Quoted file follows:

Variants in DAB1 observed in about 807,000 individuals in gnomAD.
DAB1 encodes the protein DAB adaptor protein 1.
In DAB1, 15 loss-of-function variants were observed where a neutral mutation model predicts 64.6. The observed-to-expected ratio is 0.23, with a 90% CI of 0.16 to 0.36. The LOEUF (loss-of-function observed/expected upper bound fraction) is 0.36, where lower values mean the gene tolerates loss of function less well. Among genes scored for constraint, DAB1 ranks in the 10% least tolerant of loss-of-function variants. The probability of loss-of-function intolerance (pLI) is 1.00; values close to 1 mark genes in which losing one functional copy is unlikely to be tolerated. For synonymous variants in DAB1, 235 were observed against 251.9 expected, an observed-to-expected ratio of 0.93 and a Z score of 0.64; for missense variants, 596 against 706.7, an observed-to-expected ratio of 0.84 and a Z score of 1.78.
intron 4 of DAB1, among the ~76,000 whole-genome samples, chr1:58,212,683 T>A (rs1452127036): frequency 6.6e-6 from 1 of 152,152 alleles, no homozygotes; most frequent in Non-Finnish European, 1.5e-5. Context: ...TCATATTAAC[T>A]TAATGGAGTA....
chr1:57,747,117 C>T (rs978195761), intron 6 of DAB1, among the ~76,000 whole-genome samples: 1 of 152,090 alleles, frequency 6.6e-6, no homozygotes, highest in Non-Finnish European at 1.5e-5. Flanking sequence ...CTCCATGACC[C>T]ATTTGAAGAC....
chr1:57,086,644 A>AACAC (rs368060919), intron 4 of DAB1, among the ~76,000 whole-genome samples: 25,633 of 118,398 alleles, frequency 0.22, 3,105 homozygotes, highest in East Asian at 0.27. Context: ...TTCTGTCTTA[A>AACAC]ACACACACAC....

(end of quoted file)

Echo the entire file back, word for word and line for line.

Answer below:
Variants in DAB1 observed in about 807,000 individuals in gnomAD.
DAB1 encodes the protein DAB adaptor protein 1.
In DAB1, 15 loss-of-function variants were observed where a neutral mutation model predicts 64.6. The observed-to-expected ratio is 0.23, with a 90% CI of 0.16 to 0.36. The LOEUF (loss-of-function observed/expected upper bound fraction) is 0.36, where lower values mean the gene tolerates loss of function less well. Among genes scored for constraint, DAB1 ranks in the 10% least tolerant of loss-of-function variants. The probability of loss-of-function intolerance (pLI) is 1.00; values close to 1 mark genes in which losing one functional copy is unlikely to be tolerated. For synonymous variants in DAB1, 235 were observed against 251.9 expected, an observed-to-expected ratio of 0.93 and a Z score of 0.64; for missense variants, 596 against 706.7, an observed-to-expected ratio of 0.84 and a Z score of 1.78.
intron 4 of DAB1, among the ~76,000 whole-genome samples, chr1:58,212,683 T>A (rs1452127036): frequency 6.6e-6 from 1 of 152,152 alleles, no homozygotes; most frequent in Non-Finnish European, 1.5e-5. Context: ...TCATATTAAC[T>A]TAATGGAGTA....
chr1:57,747,117 C>T (rs978195761), intron 6 of DAB1, among the ~76,000 whole-genome samples: 1 of 152,090 alleles, frequency 6.6e-6, no homozygotes, highest in Non-Finnish European at 1.5e-5. Flanking sequence ...CTCCATGACC[C>T]ATTTGAAGAC....
chr1:57,086,644 A>AACAC (rs368060919), intron 4 of DAB1, among the ~76,000 whole-genome samples: 25,633 of 118,398 alleles, frequency 0.22, 3,105 homozygotes, highest in East Asian at 0.27. Context: ...TTCTGTCTTA[A>AACAC]ACACACACAC....